“Do our politicians consider the Chamundi Hills as a tourist centre or a place of pilgrimage, let them answer this question first,” Dr Bhyrappa asks
The annual revenue turnover from the devotees’ visits to the Chamundi Hills has gone up from Rs 18 crore to Rs 23.50 crore; a four-storeyed structure for the convenience of devotees to park their cars; three-storeyed commercial complex building to accommodate 116 shops and the plans to widen the present two-way road to four-way road as revealed by the chief minister two weeks earlier and the works being undertaken for the same was read from the newpapers, said noted writer Dr S L Bhyrappa. In a statement released to the press on Monday, Bhyrappa said that the speed in which the development works have been initiated gives rise to several speculations. Siddaramaiah is not the first person to have cast his eyes on the development works at Chamundi Hills; ropeway and several other projects were planned by the previous politicians which had to be shelved following strong opposition from the people, said Bhyrappa. “Do our politicians consider the Chamundi Hills as a tourist centre or a place of pilgrimage, let them answer this question first,” Bhyrappa asks.
People from across the country who visit the Chamundi Hills and a majority of them from Karnataka, Andhra, Tamil Nadu and Kerala are pilgrims and the devotees (Bengalis) of Durga consider Chamundi as another form of Durga and pay a visit to Chamundi Temple; likewise the pilgrims from other states too follow the same, he added. Bhyrappa points out that there are hundreds of shops in Mysuru which sell lo-cal products to the pilgrims showcasing the city. “How can the ‘sanctity’ of a pilgrimage place like Chamundi Hills be preserved with the construction of a shopping mall comprising 116 shops and a multi-storeyed building to park 600 cars, resembling a fair? Does the government have permission to convert all pilgrimage places into tourist places? Does the conversion of a pilgrim centre into a tourist centre not affect the pilgrims who seek peace and serenity at a place of worship and thus lead to a decrease in their numbers? Does this not lead to a situation where `Tourism kills tourism?’ ”
Dr Bhyrappa’s do’s and don’ts for hills: The hill also comprises boulders resulting in the rise in temperatures during summer months in Mysuru; the services of botanists must be en- gaged to grow plants and trees in the crevices between boulders and all over the hills to convert the hill into a green zone. Nilgiri trees should not be grown atop the hills. Allow only shops selling puja materials and curtail other shops. Pilgrims should be accessible to hygienic food and faclities at reasonable price, with one or two catering centres.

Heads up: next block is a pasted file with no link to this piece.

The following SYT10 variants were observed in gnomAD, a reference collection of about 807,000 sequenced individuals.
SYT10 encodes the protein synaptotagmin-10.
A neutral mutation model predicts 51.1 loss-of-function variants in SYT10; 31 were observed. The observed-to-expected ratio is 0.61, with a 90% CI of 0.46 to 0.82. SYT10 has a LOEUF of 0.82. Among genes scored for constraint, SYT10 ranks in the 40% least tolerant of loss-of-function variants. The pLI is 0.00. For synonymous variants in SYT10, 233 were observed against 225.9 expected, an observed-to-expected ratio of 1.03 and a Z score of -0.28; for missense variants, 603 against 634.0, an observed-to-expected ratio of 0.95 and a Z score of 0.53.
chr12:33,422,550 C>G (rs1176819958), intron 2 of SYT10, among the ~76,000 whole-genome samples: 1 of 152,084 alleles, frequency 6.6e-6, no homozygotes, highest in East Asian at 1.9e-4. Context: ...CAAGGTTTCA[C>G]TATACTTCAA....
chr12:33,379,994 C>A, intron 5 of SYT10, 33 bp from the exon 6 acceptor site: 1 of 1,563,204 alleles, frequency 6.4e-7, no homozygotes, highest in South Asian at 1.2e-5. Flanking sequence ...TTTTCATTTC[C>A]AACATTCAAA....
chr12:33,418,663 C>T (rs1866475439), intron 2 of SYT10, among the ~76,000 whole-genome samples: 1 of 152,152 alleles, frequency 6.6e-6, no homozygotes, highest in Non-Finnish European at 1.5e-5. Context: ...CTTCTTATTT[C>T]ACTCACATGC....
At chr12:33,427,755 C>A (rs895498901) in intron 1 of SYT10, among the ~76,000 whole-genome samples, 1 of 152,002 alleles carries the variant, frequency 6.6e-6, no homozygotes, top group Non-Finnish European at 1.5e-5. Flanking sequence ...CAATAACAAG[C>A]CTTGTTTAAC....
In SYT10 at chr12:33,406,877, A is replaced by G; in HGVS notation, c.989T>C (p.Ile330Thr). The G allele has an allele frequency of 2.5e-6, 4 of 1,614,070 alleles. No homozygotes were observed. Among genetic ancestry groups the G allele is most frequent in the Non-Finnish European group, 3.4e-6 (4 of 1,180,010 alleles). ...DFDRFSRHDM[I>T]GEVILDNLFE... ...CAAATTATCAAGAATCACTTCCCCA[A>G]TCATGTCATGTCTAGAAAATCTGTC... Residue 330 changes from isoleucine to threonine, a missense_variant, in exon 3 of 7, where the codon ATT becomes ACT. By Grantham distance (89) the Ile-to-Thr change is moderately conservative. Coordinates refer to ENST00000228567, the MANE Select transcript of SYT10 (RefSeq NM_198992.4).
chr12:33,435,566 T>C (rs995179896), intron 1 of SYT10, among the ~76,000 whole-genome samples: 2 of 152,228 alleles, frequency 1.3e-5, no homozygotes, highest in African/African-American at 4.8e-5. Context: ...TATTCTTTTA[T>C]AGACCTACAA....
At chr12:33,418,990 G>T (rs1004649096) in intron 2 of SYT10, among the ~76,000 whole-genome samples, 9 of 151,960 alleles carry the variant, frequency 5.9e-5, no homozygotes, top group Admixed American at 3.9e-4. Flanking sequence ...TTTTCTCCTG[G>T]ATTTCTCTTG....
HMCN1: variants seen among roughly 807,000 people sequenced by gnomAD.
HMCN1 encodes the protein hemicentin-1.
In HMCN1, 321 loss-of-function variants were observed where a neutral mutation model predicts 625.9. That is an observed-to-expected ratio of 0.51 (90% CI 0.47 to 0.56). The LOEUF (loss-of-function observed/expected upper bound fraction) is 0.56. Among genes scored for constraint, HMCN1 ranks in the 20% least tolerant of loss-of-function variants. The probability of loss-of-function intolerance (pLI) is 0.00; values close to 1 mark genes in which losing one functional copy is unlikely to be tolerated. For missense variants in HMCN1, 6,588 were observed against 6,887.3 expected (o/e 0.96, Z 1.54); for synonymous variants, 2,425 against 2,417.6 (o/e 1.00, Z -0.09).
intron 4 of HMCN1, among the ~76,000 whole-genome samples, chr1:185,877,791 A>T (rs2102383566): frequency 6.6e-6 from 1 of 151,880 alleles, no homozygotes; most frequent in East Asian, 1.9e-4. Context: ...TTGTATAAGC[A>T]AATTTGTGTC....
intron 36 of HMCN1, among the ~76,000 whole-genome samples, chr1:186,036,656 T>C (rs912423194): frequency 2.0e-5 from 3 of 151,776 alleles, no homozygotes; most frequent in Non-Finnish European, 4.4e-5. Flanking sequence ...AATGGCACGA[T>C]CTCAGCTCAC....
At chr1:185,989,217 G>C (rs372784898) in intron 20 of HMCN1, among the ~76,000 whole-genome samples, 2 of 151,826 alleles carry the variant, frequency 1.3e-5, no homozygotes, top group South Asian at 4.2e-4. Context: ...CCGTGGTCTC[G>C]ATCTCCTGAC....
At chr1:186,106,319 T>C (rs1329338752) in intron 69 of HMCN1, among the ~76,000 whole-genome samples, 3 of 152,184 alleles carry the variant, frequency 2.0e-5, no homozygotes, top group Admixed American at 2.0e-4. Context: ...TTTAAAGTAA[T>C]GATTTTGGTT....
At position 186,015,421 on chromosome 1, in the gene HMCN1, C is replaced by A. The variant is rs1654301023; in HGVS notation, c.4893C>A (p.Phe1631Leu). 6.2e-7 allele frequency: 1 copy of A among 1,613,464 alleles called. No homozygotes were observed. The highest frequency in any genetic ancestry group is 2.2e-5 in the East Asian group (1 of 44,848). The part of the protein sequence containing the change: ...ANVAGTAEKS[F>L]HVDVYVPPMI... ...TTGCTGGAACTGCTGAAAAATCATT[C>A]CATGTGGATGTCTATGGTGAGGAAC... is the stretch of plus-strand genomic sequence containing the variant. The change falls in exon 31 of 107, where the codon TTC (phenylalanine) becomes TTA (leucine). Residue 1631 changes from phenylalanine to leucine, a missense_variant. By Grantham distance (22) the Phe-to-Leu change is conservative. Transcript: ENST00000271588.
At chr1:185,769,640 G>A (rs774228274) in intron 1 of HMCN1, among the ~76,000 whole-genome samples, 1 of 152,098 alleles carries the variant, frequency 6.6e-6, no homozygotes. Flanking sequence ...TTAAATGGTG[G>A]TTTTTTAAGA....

There must be enough number of free toilets for the convenience of pilgrims and adequate staff to maintain cleanliness. Saplings which can grow as trees to provide shade on either side of the footsteps leading to the Chamundi Temple must be planted. Apart from pilgrims, school and college students must be encouraged to take up climbing on the steps.
Police must ensure safety to girls, women and youth even while climbing the steps alone. Create separate park-ing places for bicycles, two wheelers and cars at the foot of the steps. Depute responsible staff to register the entry of vehicles and the pilgrims belongings. The salary of the staff should be borne by the temple authorities and parking fees should be reasonable. Free toilet facilities and potable water should be provided at the foot of the steps.
All illegal structures, except the authorised ones, must be removed from the foot of the hills and around it so that trees like pipal, banyan, neem and olive can be grown for the benefit of birds.
CCTV cameras to control speeding vehicles must be installed at vantage points on the present two-way road. Entry of autorickshaws must be banned. All the previous years projects should be dropped. Run more battery operated cars and curtail cars run on diesel and petrol. The main road should be for vehicles proceeding to the hills and the alternate road should be used for returning.
To maintain the sacred feelings among the pilgrims, the trees must be preserved amidst the serene atmopshere, thus enhancing the puja offerings at the temple to meet their needs. Revenue should not be the main agenda for the temple authorities. Government should not have a stake in the temple’s financial dealings. People who do not have faith and who don’t visit temples too have deep concern for the environment. Hence, the relationship between sanctity and environment is intertwined.
There is ample space atop Tirupathi Hills and footsteps are far away from the hills. However, the pathway to Chamundi Hills is narrow and city is spread out around the hills. By extending the city’s growth atop the hills will only benefit contractors and politicians. The greenery around the hills will be destroyed. If Mysureans wish to save Mysuru, they must first save Chamundi Hills as it is the `Heart of the city.